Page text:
Finally – perhaps because Mundo Verde’s staff is now unionized (or perhaps because it is in our nature to do so), we’re exploring what it looks like to invite staff and families into the conversation, once we have some level of specificity about scenarios and funding. While I don’t yet know what it looks like, I am committed to working collaboratively with the union to create additional spaces for staff to have voice in what is such an uncertain time. I am interested in sharing ideas/reflections with other school leaders who may also be seeking new ways to lift up voices of our stakeholders at this uncertain time.


Sela Public Charter School
Joshua Bork, Head of School

We have two key ideas to share:

  1. Making sure that money for curriculum will be used to purchase online components to existing curricula for use when students have to be home. Along with this, using PD funding to provide more in-depth training for staff in use of online components of curricula.
  2. Potential budget adjustments to areas like food service, enrichment activities as part of before and aftercare and more funding for janitorial services.

Thurgood Marshall Academy
Raymond Weeden, Executive Director, and David Schlossman, COO

Thurgood Marshall Academy’s guiding assumption is that FY2020-21 will be characterized by instability since–as articulated by Instruction Partners, DC CFO DeWitt, and others–health and economic recovery will not be robust until FY2021-22 at the earliest. Factors stemming from this assumption include the following:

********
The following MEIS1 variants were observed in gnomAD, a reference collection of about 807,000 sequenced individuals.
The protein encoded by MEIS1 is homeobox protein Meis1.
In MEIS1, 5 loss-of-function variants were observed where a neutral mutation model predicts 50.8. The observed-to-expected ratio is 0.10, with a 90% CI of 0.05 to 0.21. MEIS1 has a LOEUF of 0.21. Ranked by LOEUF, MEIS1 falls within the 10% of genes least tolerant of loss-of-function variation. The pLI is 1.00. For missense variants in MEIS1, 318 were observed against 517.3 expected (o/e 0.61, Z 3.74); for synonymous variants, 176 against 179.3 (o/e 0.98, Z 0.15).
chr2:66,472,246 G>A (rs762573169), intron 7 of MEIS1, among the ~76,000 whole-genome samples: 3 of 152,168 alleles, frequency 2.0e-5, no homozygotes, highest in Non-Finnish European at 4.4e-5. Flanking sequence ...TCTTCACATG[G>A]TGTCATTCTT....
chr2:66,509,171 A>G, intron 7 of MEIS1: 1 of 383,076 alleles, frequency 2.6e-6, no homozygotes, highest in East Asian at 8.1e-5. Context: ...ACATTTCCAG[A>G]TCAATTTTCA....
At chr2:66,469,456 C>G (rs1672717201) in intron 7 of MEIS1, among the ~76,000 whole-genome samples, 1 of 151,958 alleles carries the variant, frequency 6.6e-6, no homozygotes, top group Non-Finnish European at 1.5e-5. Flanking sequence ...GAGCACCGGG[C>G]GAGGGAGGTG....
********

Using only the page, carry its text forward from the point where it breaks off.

• Families we serve will be impacted throughout the year, leading to potential enrollment instability (e.g., if families leave the District), increases in needs for economic, educational, and mental health support among stakeholders, and additional stress on LEA and city-wide social service resources.
  • Facility needs–both capital and maintenance budgets–will require resources to support social-distancing and disinfecting.  We are assuming that we will have neither 100% occupancy nor year-long distance learning but rather intervals of partial occupancy and distance learning, which will lead to costs to support dual instructional modes.
  • Instructional Technology, already an area of attention, has become a central focus since distance learning began, and we are planning and budgeting to sustain student access to devices and Internet connectivity.

These are, of course, just central examples of the widespread challenge–no doubt familiar to all LEAs–of planning in a period of “certain uncertainty.”


This post contributed by the Contingency Education Budget Planning Response Work Group Members.